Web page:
Last night was graduation for the OES class of 2012, and I couldn’t help thinking about how different their world will be than the one I thought I was entering on my graduation day exactly 25 years ago. In 1987, it seemed clear to me that I could pick a professional career, get some schooling, and expect that career would be durable for the next 40 or so years.
But seemingly everything has changed and career paths are being disrupted like never before. Some of the careers I considered have either gone the way of the Dodo bird or are on their way to extinction. Forget about choosing journalism and expecting to settle down at a newspaper for the rest of your working life. Family Law? How many easy divorce dot coms are there now? Accounting? Outsourced. Psychotherapy? (Yes, I considered it.) Brain research might be telling us much of our behavior is predetermined. Teaching? Well, I’m skeptical about the future of my chosen field.
From what I gather from their comments, these graduates don’t quite get this new world yet.
Maybe it’s just natural to see the future in simplistic terms when you’re young. Certainly, I did not have a nuanced notion of the world when I was 18. I think I quite justifiably believed that success could be guaranteed by studying, and becoming somewhat expert and certified in a field. Surely change was incremental in professional fields and it would be safe to expect my time at university in my late teens and twenties would, for the most part, carry me through my working life.
I was wrong.
Since it hit me in the late ’90s that technology would eventually change everything about teaching, I’ve been trying to reinvent myself. The history department I joined in 1991 was one I’d been well trained for – a group of smart, dedicated, mid- and late-career historians who knew their content and had polished their standard lectures about ancient Rome, the Renaissance, or the American Civil War. At the time, it seemed perfectly plausible that I could settle into the career that they had. But of course, the internet has transformed access to information and teachers like my first colleagues have had to change or are holding on for dear life.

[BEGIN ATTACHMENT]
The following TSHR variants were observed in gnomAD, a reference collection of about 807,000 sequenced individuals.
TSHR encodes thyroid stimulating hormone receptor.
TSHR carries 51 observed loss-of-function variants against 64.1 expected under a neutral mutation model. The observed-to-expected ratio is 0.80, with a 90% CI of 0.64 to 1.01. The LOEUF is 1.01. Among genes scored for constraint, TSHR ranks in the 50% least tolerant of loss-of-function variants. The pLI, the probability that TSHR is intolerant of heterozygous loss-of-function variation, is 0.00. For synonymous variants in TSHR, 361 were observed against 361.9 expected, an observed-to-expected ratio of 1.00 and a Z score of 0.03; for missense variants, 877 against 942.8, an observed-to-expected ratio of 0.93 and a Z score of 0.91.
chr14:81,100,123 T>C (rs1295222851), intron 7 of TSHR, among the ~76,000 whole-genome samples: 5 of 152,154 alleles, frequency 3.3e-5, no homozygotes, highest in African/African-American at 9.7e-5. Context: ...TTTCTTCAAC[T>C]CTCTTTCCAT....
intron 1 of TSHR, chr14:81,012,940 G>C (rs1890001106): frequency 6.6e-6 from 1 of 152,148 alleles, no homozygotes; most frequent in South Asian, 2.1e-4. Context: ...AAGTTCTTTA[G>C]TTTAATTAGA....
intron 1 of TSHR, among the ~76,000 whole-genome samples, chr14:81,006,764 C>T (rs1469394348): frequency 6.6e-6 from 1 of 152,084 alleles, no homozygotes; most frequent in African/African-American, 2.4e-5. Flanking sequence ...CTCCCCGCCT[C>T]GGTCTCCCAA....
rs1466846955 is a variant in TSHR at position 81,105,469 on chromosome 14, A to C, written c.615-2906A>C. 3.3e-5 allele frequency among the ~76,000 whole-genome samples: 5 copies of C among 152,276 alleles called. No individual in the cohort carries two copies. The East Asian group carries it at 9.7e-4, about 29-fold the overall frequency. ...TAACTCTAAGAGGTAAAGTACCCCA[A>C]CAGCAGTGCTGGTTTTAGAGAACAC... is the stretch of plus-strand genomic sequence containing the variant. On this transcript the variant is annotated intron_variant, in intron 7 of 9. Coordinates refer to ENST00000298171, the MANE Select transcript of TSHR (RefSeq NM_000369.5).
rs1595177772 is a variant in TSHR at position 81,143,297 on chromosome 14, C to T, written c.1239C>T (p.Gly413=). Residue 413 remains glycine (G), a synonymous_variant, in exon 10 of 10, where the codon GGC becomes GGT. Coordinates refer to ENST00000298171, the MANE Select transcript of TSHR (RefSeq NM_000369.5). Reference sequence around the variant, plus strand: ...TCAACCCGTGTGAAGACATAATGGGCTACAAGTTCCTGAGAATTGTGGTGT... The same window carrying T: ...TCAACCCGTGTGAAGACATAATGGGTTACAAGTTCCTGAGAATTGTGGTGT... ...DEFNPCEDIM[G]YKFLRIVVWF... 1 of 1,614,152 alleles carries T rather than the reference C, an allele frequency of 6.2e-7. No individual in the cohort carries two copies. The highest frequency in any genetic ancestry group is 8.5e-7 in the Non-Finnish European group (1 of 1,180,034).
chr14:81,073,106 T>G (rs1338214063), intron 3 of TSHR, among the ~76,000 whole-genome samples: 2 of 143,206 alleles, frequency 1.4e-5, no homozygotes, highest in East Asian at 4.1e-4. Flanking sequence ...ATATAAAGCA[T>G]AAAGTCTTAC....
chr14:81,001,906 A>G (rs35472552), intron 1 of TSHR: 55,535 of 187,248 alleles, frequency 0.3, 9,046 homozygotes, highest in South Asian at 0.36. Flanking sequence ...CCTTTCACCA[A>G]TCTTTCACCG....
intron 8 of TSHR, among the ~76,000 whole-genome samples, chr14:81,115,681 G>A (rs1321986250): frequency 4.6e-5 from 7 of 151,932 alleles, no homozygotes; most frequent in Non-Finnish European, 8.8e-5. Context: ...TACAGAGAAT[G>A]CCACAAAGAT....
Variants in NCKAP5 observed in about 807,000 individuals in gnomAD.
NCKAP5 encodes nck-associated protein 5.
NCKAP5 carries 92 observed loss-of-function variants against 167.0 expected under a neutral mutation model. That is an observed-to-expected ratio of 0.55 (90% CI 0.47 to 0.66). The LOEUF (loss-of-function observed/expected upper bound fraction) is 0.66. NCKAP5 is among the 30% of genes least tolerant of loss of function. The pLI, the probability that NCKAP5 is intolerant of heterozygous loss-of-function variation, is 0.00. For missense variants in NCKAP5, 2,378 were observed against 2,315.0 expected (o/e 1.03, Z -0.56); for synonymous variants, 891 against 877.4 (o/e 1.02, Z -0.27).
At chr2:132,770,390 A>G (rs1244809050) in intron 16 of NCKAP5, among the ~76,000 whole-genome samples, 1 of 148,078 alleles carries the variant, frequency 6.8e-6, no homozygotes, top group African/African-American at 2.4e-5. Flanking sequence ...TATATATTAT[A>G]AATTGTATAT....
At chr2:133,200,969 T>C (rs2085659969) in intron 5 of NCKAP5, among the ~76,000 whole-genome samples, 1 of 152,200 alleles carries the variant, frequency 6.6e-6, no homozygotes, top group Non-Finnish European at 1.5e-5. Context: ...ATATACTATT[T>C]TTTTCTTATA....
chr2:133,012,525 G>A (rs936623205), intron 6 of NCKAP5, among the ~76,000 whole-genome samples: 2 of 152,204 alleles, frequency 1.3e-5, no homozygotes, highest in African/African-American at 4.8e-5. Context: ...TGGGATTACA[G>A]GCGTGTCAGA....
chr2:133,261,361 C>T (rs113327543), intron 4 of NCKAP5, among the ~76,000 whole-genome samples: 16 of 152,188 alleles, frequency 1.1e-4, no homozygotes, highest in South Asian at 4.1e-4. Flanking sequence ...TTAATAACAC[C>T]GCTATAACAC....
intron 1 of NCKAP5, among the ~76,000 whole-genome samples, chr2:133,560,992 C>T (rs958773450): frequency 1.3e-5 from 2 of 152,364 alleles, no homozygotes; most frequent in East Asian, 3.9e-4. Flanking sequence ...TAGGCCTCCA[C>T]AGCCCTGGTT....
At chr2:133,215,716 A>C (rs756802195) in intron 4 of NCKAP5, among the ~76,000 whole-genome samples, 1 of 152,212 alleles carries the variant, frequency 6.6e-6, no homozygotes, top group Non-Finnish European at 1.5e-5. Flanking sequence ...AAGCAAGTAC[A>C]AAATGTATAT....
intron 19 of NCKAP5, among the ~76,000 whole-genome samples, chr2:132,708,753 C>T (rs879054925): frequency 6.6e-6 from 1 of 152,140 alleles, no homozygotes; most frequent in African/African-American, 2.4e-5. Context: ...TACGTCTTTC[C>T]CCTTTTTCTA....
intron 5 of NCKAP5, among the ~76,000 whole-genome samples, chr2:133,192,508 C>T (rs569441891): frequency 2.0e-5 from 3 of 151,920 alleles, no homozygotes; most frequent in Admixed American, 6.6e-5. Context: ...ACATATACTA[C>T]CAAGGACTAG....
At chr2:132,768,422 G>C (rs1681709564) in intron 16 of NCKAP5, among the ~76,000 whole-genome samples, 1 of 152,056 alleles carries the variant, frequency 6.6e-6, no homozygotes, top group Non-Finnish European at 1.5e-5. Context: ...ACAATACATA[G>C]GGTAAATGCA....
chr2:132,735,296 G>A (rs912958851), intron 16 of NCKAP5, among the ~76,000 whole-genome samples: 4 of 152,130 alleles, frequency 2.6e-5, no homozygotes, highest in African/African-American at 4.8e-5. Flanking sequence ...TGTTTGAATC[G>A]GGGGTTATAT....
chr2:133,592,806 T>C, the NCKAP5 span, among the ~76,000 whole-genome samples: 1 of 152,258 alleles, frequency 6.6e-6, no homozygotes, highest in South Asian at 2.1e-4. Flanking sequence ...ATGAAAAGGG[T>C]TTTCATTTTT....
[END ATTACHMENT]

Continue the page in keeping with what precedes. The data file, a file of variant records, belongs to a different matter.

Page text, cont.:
I’ve done pretty well since then, and today I’m told that I’m an expert in eLearning, a field that didn’t really exist 25 years ago. But I don’t feel like an expert. I think eLearning and online learning are changing too rapidly for anyone to consider oneself an expert. I know I have a strong grasp on what it takes to be an eLearning professional at this moment, but I really believe that eLearning and education in general is changing too quickly to know what’s coming a year from now, let alone to be able to say I know enough to be set for the next 25 years. Success in my field requires constant and never-ending learning. Reinvention is an ongoing process, and one without a defined end date.
It’s likely that these graduates will find the first 25 years after high school much more turbulent than I’ve found mine. Expecting to “make my Intel business card and settle in for the long-term” won’t cut it. Do they get that what they need to do is perfect being learners and not being experts? I hope so.
So this morning, I have some graduation questions.
Did we show them that information is ubiquitous and that the cost of getting it is rapidly approaching zero? Do they understand that knowing more than the next person is only temporarily valuable? Do they know how to access the latest information and how to build and use a network of other professionals to stay on the leading edge of change?
Do they know the career they’ve been dreaming of may not exist in the future? Or that it may radically change? Have we taught them how to turn on a dime and reinvent themselves professionally?
Do they have the flexibility of mind that their future will require, when rapid change will be a constant?
Have we trained them to be lifelong learners?